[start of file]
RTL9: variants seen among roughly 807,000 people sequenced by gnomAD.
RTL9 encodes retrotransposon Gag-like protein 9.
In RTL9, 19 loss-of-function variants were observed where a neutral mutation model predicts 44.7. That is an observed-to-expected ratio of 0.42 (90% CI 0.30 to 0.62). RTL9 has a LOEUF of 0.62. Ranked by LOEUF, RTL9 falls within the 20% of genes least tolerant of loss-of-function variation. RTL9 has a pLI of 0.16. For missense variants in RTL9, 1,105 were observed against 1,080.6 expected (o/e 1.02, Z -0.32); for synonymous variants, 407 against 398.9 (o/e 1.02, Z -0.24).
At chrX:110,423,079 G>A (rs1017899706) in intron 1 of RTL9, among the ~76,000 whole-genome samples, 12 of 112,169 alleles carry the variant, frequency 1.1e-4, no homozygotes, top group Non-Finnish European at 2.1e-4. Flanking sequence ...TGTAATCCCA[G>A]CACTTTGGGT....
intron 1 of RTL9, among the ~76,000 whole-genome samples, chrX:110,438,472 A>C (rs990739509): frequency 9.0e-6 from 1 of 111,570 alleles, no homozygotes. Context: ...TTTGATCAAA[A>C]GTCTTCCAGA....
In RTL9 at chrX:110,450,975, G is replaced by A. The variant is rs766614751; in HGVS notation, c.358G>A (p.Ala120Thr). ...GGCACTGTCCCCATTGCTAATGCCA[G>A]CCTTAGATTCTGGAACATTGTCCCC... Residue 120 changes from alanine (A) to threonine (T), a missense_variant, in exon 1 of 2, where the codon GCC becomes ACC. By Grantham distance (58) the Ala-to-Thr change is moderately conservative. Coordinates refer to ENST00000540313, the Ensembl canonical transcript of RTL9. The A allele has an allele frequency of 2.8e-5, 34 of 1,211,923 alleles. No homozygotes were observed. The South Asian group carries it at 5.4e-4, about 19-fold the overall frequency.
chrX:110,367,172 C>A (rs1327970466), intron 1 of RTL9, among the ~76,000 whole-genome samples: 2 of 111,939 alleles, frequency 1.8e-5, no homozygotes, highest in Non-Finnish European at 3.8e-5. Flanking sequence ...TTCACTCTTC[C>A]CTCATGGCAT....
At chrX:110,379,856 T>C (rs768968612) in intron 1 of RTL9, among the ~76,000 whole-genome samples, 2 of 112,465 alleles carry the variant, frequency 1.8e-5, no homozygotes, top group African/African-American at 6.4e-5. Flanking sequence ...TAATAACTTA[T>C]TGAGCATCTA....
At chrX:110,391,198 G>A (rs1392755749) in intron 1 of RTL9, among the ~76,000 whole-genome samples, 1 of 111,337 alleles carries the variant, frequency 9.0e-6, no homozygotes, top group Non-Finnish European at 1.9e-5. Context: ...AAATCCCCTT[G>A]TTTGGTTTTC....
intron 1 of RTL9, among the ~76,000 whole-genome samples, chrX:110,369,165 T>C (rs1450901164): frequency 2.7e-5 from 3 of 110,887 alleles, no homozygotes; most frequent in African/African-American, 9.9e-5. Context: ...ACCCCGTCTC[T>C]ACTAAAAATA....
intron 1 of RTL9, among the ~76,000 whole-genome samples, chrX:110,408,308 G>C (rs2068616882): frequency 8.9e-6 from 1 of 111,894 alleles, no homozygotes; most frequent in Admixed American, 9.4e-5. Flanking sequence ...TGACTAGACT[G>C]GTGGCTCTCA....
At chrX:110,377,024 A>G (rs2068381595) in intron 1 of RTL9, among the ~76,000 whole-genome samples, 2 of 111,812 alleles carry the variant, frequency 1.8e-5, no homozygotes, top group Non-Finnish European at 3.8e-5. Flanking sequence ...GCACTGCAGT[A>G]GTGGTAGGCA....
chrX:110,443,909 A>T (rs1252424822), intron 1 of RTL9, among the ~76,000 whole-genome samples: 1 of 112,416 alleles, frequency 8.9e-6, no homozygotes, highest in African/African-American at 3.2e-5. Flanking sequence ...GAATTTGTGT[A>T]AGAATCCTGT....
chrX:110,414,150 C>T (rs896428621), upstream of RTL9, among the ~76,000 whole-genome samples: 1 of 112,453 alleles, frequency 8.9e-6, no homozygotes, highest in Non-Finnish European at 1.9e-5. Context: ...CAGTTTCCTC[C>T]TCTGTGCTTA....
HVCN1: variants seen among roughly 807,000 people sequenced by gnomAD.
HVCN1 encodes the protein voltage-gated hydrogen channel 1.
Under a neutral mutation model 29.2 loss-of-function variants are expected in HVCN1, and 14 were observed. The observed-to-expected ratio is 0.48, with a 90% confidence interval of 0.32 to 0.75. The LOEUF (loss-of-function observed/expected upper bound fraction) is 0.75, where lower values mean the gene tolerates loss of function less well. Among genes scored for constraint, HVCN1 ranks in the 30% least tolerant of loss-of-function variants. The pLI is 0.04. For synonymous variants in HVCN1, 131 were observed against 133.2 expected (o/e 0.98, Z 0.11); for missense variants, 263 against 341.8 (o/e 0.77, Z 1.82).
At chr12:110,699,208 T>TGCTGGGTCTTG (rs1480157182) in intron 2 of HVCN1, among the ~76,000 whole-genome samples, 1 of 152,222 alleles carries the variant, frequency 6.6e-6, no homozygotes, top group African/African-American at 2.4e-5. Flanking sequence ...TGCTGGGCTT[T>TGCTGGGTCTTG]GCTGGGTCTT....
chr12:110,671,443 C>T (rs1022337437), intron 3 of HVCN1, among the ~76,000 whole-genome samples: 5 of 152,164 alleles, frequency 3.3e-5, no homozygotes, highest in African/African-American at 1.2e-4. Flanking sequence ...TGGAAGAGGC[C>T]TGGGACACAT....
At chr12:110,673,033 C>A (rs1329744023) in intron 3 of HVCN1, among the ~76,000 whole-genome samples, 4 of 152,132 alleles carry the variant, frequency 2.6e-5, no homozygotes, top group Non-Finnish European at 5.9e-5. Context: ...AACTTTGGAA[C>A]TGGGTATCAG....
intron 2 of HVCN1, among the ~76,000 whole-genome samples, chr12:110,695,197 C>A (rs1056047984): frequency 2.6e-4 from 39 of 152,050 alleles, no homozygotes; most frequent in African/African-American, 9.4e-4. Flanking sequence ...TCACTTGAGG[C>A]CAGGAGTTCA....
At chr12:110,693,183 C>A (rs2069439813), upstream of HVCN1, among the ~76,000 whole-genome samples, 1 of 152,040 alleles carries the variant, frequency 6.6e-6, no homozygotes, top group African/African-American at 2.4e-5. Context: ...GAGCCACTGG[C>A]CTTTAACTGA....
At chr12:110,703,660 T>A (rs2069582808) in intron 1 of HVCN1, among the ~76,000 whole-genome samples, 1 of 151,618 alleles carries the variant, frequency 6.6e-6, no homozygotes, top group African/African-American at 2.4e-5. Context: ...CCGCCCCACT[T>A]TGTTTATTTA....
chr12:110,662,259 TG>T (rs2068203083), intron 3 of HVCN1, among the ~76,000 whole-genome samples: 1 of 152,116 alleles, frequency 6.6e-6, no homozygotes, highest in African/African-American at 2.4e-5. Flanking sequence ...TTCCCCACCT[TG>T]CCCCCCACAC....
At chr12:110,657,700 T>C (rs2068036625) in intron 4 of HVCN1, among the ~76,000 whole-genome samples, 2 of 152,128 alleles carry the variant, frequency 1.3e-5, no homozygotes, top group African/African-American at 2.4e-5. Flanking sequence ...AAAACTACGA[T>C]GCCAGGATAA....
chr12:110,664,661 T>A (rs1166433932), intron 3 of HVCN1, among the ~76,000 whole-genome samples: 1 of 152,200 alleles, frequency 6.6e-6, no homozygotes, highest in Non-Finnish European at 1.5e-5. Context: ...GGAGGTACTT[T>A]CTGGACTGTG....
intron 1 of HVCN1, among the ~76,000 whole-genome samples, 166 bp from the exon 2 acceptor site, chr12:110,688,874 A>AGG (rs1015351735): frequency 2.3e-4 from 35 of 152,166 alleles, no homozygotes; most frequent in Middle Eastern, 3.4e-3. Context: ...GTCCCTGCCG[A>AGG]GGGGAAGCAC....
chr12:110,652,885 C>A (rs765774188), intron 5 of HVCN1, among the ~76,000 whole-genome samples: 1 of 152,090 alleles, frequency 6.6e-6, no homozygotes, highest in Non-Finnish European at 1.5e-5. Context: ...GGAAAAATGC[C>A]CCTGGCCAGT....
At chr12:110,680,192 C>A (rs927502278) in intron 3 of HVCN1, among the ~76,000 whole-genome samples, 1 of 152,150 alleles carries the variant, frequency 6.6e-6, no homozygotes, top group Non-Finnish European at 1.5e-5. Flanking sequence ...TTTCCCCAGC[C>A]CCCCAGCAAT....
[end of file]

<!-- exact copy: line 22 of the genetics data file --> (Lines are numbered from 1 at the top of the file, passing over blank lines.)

At chr12:110,693,183 C>A (rs2069439813), upstream of HVCN1, among the ~76,000 whole-genome samples, 1 of 152,040 alleles carries the variant, frequency 6.6e-6, no homozygotes, top group African/African-American at 2.4e-5. Context: ...GAGCCACTGG[C>A]CTTTAACTGA....